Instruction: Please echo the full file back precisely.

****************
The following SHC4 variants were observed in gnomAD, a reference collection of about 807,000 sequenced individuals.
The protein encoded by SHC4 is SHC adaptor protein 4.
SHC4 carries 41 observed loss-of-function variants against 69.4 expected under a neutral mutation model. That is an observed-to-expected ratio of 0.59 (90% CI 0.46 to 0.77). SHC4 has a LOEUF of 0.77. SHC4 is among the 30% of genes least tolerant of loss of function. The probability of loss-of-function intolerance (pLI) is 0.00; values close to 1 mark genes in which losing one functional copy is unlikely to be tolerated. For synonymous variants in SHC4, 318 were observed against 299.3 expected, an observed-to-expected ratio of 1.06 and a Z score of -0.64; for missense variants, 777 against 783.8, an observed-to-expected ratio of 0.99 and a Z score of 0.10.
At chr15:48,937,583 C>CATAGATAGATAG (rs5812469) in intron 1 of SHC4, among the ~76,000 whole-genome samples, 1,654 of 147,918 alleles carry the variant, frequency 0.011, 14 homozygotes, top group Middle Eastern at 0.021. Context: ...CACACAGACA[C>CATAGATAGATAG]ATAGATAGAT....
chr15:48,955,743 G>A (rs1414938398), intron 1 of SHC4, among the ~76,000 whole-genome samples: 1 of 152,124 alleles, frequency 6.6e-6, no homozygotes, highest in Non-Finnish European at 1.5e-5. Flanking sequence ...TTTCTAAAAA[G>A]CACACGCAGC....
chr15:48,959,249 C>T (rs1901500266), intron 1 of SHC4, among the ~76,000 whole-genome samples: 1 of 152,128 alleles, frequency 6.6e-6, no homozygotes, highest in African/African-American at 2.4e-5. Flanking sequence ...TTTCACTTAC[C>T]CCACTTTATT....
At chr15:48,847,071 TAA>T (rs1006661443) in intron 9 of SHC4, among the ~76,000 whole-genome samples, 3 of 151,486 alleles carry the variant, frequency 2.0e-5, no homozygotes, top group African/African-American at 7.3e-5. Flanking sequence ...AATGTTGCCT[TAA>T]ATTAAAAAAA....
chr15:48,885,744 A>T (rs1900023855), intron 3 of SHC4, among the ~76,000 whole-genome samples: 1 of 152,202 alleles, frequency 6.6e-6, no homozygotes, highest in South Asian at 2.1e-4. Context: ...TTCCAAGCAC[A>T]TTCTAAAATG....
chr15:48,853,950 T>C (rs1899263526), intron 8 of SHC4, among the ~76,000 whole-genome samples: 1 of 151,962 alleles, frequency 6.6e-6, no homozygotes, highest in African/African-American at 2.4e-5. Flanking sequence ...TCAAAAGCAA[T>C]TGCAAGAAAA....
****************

The following SHC4 variants were observed in gnomAD, a reference collection of about 807,000 sequenced individuals.
The protein encoded by SHC4 is SHC adaptor protein 4.
SHC4 carries 41 observed loss-of-function variants against 69.4 expected under a neutral mutation model. That is an observed-to-expected ratio of 0.59 (90% CI 0.46 to 0.77). SHC4 has a LOEUF of 0.77. SHC4 is among the 30% of genes least tolerant of loss of function. The probability of loss-of-function intolerance (pLI) is 0.00; values close to 1 mark genes in which losing one functional copy is unlikely to be tolerated. For synonymous variants in SHC4, 318 were observed against 299.3 expected, an observed-to-expected ratio of 1.06 and a Z score of -0.64; for missense variants, 777 against 783.8, an observed-to-expected ratio of 0.99 and a Z score of 0.10.
At chr15:48,937,583 C>CATAGATAGATAG (rs5812469) in intron 1 of SHC4, among the ~76,000 whole-genome samples, 1,654 of 147,918 alleles carry the variant, frequency 0.011, 14 homozygotes, top group Middle Eastern at 0.021. Context: ...CACACAGACA[C>CATAGATAGATAG]ATAGATAGAT....
chr15:48,955,743 G>A (rs1414938398), intron 1 of SHC4, among the ~76,000 whole-genome samples: 1 of 152,124 alleles, frequency 6.6e-6, no homozygotes, highest in Non-Finnish European at 1.5e-5. Flanking sequence ...TTTCTAAAAA[G>A]CACACGCAGC....
chr15:48,959,249 C>T (rs1901500266), intron 1 of SHC4, among the ~76,000 whole-genome samples: 1 of 152,128 alleles, frequency 6.6e-6, no homozygotes, highest in African/African-American at 2.4e-5. Flanking sequence ...TTTCACTTAC[C>T]CCACTTTATT....
At chr15:48,847,071 TAA>T (rs1006661443) in intron 9 of SHC4, among the ~76,000 whole-genome samples, 3 of 151,486 alleles carry the variant, frequency 2.0e-5, no homozygotes, top group African/African-American at 7.3e-5. Flanking sequence ...AATGTTGCCT[TAA>T]ATTAAAAAAA....
chr15:48,885,744 A>T (rs1900023855), intron 3 of SHC4, among the ~76,000 whole-genome samples: 1 of 152,202 alleles, frequency 6.6e-6, no homozygotes, highest in South Asian at 2.1e-4. Context: ...TTCCAAGCAC[A>T]TTCTAAAATG....
chr15:48,853,950 T>C (rs1899263526), intron 8 of SHC4, among the ~76,000 whole-genome samples: 1 of 151,962 alleles, frequency 6.6e-6, no homozygotes, highest in African/African-American at 2.4e-5. Flanking sequence ...TCAAAAGCAA[T>C]TGCAAGAAAA....